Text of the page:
The ELC’s Childhood Curriculum places an emphasis on all aspects of a child’s growth and development.
Evidence shows that one of the most important precursors to a person’s lifetime of success is found in the quality of the environment that a child is in the first five years of their life. The quality of a child’s earliest environments and the availability of appropriate experiences at the right stages of development are crucial determinants of the way each child’s brain architecture develops. Our classrooms focus on each child’s social and emotional development, physical development, language, and emerging literacy and math skills, to provide an environment that best facilitates rich development. Teachers use an assessment tool called Teaching Strategies Gold to track where each child is on their development and build their curriculum to their specific classroom’s developmental needs.
Infant (0-18 months)
Our infant classrooms focus on children’s secure attachment to their caregivers by providing a warm and caring environment for babies to feel secure and safe in. Our teachers are overheard singing and reading to the children through, out the day, helping children to build on their gross and fine motor development, helping them to learn how to use self-regulations tools, and promoting a healthy routine of secure attachment through meeting the children’s needs. The infant classrooms are breastfeeding friendly rooms, and parents are encouraged to come and feed their babies, either breastfeeding or bottle feeding.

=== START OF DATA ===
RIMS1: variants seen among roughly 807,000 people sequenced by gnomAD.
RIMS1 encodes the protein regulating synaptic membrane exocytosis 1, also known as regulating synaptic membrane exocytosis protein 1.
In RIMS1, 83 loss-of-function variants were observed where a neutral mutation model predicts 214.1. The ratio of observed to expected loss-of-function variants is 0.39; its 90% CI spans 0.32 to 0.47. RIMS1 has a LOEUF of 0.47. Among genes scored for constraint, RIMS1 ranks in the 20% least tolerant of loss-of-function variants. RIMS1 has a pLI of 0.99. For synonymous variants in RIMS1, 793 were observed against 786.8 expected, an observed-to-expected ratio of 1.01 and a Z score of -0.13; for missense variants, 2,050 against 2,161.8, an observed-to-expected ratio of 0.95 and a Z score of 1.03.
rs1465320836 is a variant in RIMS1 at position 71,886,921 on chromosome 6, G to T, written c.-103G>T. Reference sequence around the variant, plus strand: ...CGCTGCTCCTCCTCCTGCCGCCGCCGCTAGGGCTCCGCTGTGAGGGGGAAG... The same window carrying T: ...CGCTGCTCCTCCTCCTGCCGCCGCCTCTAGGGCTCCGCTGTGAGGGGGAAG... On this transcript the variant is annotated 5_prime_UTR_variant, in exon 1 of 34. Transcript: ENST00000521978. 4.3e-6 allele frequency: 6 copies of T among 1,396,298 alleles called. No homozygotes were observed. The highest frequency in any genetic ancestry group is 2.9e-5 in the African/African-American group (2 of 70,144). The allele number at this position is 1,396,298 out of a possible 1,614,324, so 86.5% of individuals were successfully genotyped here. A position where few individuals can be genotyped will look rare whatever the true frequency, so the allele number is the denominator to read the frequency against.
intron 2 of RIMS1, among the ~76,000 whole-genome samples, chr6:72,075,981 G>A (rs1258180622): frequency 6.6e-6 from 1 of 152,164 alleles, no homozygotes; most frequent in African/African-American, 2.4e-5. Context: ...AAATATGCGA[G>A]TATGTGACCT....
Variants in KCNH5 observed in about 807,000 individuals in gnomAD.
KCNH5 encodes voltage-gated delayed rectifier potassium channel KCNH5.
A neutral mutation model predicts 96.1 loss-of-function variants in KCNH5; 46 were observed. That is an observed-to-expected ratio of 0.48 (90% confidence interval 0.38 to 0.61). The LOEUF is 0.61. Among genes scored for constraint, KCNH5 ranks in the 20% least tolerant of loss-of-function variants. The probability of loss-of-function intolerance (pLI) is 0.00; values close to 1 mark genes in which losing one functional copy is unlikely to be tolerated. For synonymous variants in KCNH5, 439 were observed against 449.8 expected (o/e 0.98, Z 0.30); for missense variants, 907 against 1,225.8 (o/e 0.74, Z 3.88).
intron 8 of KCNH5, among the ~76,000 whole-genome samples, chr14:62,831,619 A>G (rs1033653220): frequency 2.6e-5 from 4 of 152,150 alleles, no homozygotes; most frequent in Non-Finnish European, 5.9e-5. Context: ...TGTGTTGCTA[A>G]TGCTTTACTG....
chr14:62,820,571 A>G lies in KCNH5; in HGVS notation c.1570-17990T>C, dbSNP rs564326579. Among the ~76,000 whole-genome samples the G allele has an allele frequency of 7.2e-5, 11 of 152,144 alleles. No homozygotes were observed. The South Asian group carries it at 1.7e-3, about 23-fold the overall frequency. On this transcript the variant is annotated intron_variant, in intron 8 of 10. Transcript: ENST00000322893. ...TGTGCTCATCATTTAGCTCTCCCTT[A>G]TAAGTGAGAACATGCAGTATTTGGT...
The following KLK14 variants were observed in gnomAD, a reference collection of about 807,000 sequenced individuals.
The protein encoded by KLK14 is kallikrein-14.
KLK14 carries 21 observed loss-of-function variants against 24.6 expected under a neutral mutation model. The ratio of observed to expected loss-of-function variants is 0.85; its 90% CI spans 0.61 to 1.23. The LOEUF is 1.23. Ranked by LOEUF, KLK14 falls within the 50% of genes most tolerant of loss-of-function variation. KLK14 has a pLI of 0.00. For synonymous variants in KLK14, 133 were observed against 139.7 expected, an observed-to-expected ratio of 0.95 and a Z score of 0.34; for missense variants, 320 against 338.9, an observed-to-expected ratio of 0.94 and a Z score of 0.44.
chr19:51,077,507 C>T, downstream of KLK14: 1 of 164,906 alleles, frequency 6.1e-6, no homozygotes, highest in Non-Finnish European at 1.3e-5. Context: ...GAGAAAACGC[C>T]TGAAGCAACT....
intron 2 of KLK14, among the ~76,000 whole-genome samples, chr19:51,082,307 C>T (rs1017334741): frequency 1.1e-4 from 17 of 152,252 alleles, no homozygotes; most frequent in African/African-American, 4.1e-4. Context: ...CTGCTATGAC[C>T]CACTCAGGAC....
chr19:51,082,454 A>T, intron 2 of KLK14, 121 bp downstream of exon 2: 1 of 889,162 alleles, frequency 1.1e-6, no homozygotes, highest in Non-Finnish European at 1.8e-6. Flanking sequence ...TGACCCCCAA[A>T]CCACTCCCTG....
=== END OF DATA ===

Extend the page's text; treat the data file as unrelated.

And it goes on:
Toddler (18-36 months)
Our Toddler rooms build on the social and emotional skills of attachment and start working intentionally on a child’s ability to self-regulate, communicate feelings, problem solve, and use friendship skills. Toddlers often do not have the communications skills necessary for talking through frustration, which can often lead to a child biting or hitting a friend. While this is a normal part of a Toddler’s development the teachers work on helping our Toddler be able to self-regulate their emotions instead of reacting to their frustrations. Teachers focus on emerging literacy and math skills, and foster the children learning through the world around them, creating an environment where children can dive into learning based on what they are showing interest in.